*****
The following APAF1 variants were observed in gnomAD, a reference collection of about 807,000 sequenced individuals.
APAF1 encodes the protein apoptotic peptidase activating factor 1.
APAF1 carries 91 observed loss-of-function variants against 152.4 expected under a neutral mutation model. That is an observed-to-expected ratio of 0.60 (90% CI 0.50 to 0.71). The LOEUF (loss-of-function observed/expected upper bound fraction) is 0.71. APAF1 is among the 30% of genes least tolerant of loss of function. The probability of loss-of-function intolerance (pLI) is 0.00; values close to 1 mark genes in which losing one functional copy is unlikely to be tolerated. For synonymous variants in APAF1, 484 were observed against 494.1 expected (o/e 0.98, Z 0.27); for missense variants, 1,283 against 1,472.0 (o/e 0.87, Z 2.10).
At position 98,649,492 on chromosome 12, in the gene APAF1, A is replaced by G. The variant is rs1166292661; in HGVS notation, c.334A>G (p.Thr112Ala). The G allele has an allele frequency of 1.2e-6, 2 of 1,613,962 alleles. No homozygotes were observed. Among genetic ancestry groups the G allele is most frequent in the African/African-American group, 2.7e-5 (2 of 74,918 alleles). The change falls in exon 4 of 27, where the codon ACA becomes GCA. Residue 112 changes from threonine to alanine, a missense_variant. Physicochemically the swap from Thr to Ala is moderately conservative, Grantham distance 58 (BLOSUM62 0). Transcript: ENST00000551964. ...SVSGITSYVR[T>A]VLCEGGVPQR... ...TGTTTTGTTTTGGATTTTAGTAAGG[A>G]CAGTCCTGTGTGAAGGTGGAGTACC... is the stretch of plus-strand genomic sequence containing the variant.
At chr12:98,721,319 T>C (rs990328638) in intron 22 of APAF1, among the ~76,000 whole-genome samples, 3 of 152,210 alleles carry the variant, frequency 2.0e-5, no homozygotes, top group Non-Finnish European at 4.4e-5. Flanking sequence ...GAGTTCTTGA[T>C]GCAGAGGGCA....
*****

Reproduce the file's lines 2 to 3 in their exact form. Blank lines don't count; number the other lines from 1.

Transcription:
APAF1 encodes the protein apoptotic peptidase activating factor 1.
APAF1 carries 91 observed loss-of-function variants against 152.4 expected under a neutral mutation model. That is an observed-to-expected ratio of 0.60 (90% CI 0.50 to 0.71). The LOEUF (loss-of-function observed/expected upper bound fraction) is 0.71. APAF1 is among the 30% of genes least tolerant of loss of function. The probability of loss-of-function intolerance (pLI) is 0.00; values close to 1 mark genes in which losing one functional copy is unlikely to be tolerated. For synonymous variants in APAF1, 484 were observed against 494.1 expected (o/e 0.98, Z 0.27); for missense variants, 1,283 against 1,472.0 (o/e 0.87, Z 2.10).